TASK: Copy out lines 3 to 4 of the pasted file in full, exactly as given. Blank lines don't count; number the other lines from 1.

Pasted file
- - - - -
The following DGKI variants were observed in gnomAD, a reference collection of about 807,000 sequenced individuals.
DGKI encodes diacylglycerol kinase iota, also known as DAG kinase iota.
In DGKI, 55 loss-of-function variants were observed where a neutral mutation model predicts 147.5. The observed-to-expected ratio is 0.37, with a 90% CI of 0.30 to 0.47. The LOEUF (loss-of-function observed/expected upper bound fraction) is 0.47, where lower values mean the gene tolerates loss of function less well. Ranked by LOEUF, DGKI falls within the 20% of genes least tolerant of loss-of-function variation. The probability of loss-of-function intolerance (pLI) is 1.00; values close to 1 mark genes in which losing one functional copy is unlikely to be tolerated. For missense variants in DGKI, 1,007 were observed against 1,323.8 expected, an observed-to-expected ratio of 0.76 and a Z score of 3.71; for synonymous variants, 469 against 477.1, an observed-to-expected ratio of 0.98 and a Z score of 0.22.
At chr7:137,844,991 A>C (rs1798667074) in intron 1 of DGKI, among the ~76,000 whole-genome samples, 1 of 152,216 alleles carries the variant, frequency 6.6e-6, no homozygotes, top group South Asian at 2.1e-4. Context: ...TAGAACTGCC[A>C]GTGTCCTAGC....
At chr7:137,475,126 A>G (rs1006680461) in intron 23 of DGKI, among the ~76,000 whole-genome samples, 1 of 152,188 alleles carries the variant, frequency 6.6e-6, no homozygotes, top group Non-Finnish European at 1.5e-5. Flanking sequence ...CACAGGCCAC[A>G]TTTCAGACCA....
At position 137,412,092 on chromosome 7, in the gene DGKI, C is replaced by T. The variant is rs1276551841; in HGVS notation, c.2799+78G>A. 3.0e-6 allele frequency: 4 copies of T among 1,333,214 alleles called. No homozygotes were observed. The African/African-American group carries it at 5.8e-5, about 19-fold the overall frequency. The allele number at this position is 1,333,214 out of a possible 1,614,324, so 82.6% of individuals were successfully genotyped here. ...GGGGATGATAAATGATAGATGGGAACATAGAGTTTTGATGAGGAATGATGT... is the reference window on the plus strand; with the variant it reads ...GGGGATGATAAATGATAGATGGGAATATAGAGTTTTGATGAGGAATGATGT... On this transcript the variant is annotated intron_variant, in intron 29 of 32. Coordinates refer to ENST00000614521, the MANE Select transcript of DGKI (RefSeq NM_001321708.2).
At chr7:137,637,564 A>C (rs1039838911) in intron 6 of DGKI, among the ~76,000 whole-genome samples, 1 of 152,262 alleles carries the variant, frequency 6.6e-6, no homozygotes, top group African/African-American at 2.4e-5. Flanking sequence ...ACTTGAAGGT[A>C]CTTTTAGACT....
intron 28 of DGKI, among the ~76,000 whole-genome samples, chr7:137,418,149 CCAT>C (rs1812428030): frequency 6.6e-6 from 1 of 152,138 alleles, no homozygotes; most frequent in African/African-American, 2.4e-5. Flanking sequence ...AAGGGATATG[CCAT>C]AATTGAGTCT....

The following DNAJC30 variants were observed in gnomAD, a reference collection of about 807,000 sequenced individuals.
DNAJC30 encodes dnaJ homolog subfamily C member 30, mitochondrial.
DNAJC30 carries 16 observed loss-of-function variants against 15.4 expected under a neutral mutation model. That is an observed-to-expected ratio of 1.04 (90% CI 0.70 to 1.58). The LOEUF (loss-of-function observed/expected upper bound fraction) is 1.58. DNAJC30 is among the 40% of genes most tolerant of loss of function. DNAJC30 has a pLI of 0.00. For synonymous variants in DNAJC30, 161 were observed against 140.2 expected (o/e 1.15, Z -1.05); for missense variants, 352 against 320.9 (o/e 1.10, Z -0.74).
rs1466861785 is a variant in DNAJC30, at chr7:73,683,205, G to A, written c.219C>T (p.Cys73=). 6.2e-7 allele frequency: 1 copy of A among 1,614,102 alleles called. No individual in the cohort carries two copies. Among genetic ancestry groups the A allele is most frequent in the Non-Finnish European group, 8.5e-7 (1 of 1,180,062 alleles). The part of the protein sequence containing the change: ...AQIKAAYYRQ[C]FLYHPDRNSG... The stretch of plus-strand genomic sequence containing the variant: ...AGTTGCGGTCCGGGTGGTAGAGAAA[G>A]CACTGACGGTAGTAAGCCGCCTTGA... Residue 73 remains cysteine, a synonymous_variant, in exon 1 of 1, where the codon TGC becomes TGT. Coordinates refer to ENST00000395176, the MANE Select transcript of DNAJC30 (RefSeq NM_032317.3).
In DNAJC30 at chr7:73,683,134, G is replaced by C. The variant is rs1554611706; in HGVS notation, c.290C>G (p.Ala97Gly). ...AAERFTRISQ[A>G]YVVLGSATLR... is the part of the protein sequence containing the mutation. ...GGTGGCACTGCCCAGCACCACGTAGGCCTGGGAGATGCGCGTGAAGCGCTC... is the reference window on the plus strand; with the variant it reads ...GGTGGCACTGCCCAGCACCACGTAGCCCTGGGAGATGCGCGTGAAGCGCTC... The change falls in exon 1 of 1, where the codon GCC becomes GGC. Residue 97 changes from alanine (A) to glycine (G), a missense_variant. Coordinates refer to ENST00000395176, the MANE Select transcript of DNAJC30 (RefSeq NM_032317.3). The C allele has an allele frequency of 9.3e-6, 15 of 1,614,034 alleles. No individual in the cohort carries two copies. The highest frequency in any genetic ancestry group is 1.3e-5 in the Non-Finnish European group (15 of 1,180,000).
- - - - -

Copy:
In DGKI, 55 loss-of-function variants were observed where a neutral mutation model predicts 147.5. The observed-to-expected ratio is 0.37, with a 90% CI of 0.30 to 0.47. The LOEUF (loss-of-function observed/expected upper bound fraction) is 0.47, where lower values mean the gene tolerates loss of function less well. Ranked by LOEUF, DGKI falls within the 20% of genes least tolerant of loss-of-function variation. The probability of loss-of-function intolerance (pLI) is 1.00; values close to 1 mark genes in which losing one functional copy is unlikely to be tolerated. For missense variants in DGKI, 1,007 were observed against 1,323.8 expected, an observed-to-expected ratio of 0.76 and a Z score of 3.71; for synonymous variants, 469 against 477.1, an observed-to-expected ratio of 0.98 and a Z score of 0.22.
At chr7:137,844,991 A>C (rs1798667074) in intron 1 of DGKI, among the ~76,000 whole-genome samples, 1 of 152,216 alleles carries the variant, frequency 6.6e-6, no homozygotes, top group South Asian at 2.1e-4. Context: ...TAGAACTGCC[A>C]GTGTCCTAGC....